Strollers hit Jersey City

From the NY Times:

Jersey City Grows Up

When Zacheus and Ratri Chan showed up at an open house for a townhouse in the Bergen-Lafayette neighborhood of Jersey City last fall, there was a line down the street.

The six-bedroom was listed at $300,000, but it needed a fair amount of work. “In the basement, there was a sewage leak. And there was some water damage to the roof, some exposed walls. It didn’t smell good,” Mr. Chan said.

Despite the house’s condition, the Chans put in a $520,000 offer, outbidding more than 20 other prospective buyers.

“We just wanted that place,” Mr. Chan said, adding that they had been won over by details like the plaster ceiling medallions and what appears to be the home’s original wallpaper — apparently the only things in good condition.

The Chans, who first moved to Jersey City 12 years ago, into a two-bedroom condo downtown, are putting another $500,000 into the renovation. “We have a daughter who is almost 3. We love the city and feel like we want to be here longer.”

It’s an increasingly common sentiment in Jersey City.

As the city’s population has grown and its skyline has been redrawn with new high-rises over the past decade, singles and couples who moved there as young adults are electing to stay and raise families.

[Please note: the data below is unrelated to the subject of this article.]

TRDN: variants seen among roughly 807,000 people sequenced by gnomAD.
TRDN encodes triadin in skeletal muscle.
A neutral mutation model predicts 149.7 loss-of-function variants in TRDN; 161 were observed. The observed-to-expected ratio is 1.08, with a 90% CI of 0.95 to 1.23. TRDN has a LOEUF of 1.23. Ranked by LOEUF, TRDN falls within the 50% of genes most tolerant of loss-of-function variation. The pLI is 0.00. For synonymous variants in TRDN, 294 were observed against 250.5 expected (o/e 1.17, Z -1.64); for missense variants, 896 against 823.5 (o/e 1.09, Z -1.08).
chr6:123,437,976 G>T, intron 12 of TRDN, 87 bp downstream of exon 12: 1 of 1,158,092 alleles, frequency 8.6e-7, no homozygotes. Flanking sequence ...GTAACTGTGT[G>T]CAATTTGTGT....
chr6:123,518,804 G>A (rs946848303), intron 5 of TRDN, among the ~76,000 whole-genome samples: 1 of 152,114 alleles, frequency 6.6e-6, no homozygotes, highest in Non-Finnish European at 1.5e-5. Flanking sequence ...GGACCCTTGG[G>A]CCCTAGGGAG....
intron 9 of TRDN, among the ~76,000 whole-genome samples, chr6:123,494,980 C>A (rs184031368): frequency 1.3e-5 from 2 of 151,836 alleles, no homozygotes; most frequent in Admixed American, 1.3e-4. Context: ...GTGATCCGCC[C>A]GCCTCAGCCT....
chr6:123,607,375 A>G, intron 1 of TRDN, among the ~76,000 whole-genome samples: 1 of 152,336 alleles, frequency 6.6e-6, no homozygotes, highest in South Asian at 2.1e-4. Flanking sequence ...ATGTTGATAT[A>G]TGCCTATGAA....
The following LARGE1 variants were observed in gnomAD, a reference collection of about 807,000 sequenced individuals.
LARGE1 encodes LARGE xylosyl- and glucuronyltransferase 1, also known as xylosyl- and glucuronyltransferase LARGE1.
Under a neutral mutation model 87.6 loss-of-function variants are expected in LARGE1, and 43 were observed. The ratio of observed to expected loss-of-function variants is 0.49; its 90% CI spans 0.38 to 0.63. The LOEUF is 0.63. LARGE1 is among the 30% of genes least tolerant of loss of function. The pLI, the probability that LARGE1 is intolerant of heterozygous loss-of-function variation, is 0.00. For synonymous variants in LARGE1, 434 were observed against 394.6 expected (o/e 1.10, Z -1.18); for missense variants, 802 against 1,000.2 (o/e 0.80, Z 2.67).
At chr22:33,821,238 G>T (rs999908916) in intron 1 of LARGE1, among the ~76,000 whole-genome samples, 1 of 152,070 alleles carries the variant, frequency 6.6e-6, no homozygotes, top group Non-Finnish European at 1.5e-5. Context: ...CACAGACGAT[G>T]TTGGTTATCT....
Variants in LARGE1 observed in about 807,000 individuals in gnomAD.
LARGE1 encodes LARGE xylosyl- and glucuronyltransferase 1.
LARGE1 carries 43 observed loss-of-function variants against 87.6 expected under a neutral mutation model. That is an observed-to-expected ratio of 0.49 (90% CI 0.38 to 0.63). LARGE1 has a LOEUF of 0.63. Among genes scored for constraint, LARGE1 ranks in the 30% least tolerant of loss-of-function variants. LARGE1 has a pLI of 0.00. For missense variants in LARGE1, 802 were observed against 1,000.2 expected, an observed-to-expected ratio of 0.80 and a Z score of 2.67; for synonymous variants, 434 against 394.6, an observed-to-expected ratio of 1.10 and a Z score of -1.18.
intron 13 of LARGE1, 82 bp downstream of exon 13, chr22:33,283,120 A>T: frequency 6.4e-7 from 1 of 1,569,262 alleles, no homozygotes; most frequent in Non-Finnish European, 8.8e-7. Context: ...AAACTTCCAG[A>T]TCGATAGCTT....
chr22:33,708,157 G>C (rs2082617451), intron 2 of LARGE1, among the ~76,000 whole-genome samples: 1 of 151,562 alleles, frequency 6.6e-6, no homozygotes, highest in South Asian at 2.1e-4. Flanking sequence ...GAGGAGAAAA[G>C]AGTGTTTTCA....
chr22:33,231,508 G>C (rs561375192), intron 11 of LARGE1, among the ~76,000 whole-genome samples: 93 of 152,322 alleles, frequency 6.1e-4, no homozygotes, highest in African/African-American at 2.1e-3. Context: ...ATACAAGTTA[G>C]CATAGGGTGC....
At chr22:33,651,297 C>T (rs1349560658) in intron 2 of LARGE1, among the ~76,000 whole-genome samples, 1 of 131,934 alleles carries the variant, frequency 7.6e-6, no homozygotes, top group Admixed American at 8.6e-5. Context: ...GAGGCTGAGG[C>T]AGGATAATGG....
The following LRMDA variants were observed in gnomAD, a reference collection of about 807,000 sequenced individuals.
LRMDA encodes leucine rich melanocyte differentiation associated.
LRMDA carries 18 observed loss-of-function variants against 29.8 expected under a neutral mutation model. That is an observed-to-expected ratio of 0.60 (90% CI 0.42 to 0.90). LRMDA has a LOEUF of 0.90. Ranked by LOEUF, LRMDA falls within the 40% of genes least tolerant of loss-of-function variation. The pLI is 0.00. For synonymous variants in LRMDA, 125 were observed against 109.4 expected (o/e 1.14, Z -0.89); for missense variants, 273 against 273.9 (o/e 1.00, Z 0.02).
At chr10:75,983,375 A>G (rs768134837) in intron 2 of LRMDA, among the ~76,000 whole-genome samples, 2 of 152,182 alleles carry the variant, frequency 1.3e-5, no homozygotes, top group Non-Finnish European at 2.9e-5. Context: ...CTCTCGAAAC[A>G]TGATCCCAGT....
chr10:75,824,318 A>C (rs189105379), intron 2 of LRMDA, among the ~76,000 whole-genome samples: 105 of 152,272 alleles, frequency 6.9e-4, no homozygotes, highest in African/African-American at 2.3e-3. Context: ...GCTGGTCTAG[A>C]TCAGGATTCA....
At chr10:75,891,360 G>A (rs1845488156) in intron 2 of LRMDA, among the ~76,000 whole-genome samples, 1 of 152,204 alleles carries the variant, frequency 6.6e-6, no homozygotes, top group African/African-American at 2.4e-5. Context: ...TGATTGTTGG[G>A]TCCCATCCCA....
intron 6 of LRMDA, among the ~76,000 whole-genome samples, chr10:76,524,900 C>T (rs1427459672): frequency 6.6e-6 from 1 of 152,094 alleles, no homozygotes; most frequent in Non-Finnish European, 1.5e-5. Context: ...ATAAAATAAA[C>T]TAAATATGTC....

At the same time, new waves of priced-out Manhattan and Brooklyn residents show no signs of abating. As of July 2017, Jersey City had 270,753 residents, an increase of 9.3 percent since 2010, according to estimates from the United States Census Bureau. The number of families has also increased, from 56,997 to 59,886.

“Jersey City has been maturing for decades. At this point, it’s an extremely well-known marketplace and is seen as a housing opportunity for anyone moving to the New York scene,” said Michael Barry, the president and an owner of Ironstate Development Company. “It used to be much younger, but people that came here in the 80s and 90s stayed and fell in love with the area. Now people don’t move out when they have school-age children anymore.”

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15 Responses to Strollers hit Jersey City

  1. The Great Pumpkin says:

    The sick part about current jersey city prices when looking forward…they are currently ultra cheap compared to what it will cost 20 years from now. You want a lotto ticket, buy in a very good location in jc. Your future self will be thanking you.

  2. grim says:

    JC is not ultra cheap.

  3. The Great Pumpkin says:


    You can guarantee a lot of those 1 million apartments will be 2 or 3 million in twenty years. Current pricing is still early to the party on the long term scale.

  4. Blue Ribbon Teacher says:

    Yeah until JC is forced to pay for their own school and taxes quadruple.

  5. Bystander says:


    For his “expertise” in economics, Blumpkin has no clue how tax subsidies, new dev tax abatements and corp tax breaks play into Hudson real estate bubble.

  6. Yo! says:

    Hudson and Salem schools both funded by state. No difference in funding but big difference in house prices. School funding not a price driver, focus on other factors!

  7. joyce says: